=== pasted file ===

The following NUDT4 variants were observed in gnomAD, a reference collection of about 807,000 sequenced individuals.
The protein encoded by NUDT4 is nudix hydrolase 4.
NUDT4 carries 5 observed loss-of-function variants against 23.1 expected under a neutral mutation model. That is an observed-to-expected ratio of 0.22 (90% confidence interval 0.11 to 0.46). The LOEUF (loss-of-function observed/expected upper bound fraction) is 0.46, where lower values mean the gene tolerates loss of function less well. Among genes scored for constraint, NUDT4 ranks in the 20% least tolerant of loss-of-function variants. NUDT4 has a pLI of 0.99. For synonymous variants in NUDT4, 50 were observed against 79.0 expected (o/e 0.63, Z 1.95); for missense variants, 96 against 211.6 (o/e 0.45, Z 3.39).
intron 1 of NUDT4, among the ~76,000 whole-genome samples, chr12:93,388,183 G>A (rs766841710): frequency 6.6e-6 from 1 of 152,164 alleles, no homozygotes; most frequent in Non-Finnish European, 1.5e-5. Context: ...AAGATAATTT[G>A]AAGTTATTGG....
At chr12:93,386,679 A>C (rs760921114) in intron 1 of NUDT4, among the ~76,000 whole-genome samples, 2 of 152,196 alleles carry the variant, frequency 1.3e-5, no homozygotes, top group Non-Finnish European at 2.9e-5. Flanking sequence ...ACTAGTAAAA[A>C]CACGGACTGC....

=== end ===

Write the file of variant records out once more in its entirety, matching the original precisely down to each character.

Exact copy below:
The following NUDT4 variants were observed in gnomAD, a reference collection of about 807,000 sequenced individuals.
The protein encoded by NUDT4 is nudix hydrolase 4.
NUDT4 carries 5 observed loss-of-function variants against 23.1 expected under a neutral mutation model. That is an observed-to-expected ratio of 0.22 (90% confidence interval 0.11 to 0.46). The LOEUF (loss-of-function observed/expected upper bound fraction) is 0.46, where lower values mean the gene tolerates loss of function less well. Among genes scored for constraint, NUDT4 ranks in the 20% least tolerant of loss-of-function variants. NUDT4 has a pLI of 0.99. For synonymous variants in NUDT4, 50 were observed against 79.0 expected (o/e 0.63, Z 1.95); for missense variants, 96 against 211.6 (o/e 0.45, Z 3.39).
intron 1 of NUDT4, among the ~76,000 whole-genome samples, chr12:93,388,183 G>A (rs766841710): frequency 6.6e-6 from 1 of 152,164 alleles, no homozygotes; most frequent in Non-Finnish European, 1.5e-5. Context: ...AAGATAATTT[G>A]AAGTTATTGG....
At chr12:93,386,679 A>C (rs760921114) in intron 1 of NUDT4, among the ~76,000 whole-genome samples, 2 of 152,196 alleles carry the variant, frequency 1.3e-5, no homozygotes, top group Non-Finnish European at 2.9e-5. Flanking sequence ...ACTAGTAAAA[A>C]CACGGACTGC....